Bettendorf native returns home to choreograph Ballet Quad-Cities
By: David Burke
Sunday, February 6th 2011
It’s been more than 10 years since Lynn Bowman Andrews was a student at the Ballet Quad-Cities school of dance, learning and performing throughout her middle school and high school years.
But coming back to Rock Island to choreograph Ballet Q-C in one portion of its “Love Songs” presentation next weekend has proven intimidating.
“You go through life and you keep reinventing yourself,” said the 29-year-old Bettendorf native, now living in Tuscaloosa, Ala. “I grew up here the longest, they know me and there’s kind of a sense of wanting to do good when you come home.
“Being physically here, I remember working so hard and seeing the older dancers and really wanting to ‘make it,’ ” she said. “And now I’m back.”
After graduating from Bettendorf High in 2000, she went to Luther College in Decorah, Iowa, where she earned a bachelor of arts degree in theater and dance. She moved to Washington, D.C., dancing for a small dance company. She applied for and received a fellowship that led to her master of fine arts degree in dance choreography at the University of Iowa.
She’s currently a dance instructor at a community college in Tuscaloosa, with interests in both modern dance and ballet. Her husband is finishing his master of fine arts degree in creative writing at Alabama.
Andrews said she enjoys the “delightfully creative challenge” of choreography.
“I just get so immersed in it while I’m there. Nothing else matters but being with the dancers and just making dances,” she said. “Besides dancing, making the dance is the best thing.”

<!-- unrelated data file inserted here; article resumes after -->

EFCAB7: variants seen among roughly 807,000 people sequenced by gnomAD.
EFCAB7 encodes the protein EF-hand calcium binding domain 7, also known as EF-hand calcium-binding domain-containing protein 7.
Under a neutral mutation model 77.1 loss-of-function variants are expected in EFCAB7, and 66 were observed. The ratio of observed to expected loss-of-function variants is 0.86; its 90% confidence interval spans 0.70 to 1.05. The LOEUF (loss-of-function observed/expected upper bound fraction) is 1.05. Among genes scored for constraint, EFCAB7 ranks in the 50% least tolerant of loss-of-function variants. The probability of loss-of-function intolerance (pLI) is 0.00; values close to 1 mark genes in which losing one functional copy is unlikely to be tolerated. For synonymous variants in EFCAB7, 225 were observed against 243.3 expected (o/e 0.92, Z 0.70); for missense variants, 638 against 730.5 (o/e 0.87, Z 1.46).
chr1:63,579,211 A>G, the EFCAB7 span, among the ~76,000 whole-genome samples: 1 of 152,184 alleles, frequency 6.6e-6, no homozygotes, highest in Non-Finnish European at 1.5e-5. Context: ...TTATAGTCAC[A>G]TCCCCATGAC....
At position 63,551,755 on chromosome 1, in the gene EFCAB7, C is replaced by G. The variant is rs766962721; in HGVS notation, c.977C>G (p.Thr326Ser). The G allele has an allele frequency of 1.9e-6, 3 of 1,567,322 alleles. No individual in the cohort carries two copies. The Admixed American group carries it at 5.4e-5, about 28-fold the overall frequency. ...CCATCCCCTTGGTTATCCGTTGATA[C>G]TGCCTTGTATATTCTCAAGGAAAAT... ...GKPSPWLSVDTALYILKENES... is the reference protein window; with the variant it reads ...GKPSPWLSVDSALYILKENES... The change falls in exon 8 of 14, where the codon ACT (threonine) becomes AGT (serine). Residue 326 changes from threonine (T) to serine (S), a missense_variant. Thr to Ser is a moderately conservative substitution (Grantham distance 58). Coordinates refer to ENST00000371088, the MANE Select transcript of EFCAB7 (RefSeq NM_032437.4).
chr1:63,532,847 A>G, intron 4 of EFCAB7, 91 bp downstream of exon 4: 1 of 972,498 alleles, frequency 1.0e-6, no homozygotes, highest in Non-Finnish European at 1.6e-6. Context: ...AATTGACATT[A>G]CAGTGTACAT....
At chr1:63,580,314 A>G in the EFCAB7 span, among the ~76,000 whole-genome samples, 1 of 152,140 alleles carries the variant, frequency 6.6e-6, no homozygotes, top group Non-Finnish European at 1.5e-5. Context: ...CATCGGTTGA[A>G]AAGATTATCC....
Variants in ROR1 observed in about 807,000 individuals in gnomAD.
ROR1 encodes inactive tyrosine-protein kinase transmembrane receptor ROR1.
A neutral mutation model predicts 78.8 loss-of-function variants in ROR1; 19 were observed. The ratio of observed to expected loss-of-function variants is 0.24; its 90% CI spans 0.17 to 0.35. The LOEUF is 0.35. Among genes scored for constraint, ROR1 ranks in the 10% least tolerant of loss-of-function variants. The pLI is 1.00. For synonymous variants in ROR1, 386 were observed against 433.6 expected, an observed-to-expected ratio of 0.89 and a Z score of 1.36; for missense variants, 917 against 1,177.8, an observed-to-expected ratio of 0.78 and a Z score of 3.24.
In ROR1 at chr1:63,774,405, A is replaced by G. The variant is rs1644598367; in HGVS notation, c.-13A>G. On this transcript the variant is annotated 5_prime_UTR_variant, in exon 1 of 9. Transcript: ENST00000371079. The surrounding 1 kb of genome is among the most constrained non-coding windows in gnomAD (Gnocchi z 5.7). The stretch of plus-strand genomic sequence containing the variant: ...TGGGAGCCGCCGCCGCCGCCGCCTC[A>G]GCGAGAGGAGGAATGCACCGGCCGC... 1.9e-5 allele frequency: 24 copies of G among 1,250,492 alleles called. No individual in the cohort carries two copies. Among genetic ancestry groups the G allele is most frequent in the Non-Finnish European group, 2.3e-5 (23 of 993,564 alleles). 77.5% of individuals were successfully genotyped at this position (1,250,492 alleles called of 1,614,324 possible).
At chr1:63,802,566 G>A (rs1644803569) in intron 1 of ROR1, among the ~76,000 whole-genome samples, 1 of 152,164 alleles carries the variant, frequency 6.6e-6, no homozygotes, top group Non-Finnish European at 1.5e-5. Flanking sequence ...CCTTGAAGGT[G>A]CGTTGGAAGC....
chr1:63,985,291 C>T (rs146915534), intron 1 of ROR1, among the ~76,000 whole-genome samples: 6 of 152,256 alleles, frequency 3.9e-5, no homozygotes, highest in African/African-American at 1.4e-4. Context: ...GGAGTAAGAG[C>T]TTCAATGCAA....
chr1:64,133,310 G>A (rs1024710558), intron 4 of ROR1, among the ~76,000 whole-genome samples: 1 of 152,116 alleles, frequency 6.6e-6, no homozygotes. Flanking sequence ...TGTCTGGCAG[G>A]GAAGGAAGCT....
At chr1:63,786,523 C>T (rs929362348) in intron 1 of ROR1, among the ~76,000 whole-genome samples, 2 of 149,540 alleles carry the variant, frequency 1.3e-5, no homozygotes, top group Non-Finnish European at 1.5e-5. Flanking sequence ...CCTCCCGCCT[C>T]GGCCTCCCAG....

Ballet Q-C executive director Joedy Cook invited Andrews to return and gave her only a few parameters: All 11 of the company dancers should be used, it should be a longer group piece and it should fit into the theme of “Love Stories.”
Andrews created a piece with the working title “Delicatessen,” where love finds workers who toil side by side.
“It’s merging my modern sensibilities but also my ballet upbringing,” she said. “It’s a little bit different.”
Andrews said she’s working in a way she prefers, in collaboration with the dancers.
“They really all kind of come up with an idea or a movement phase and I’ll watch them go through it,” she said.
There were a few familiar faces in the company when she returned. She grew up with fellow dancer Heidi Dunn in the Bettendorf schools and danced in classes with artistic director Courtney Lyon and ballet mistress Erica Atwood.
Andrews dreams of one day teaching more at the university level or of having a company all her own.
“It’d be great to have a group, but right now I can’t think of anything better than having great opportunities like this to travel and work and make art,” she said.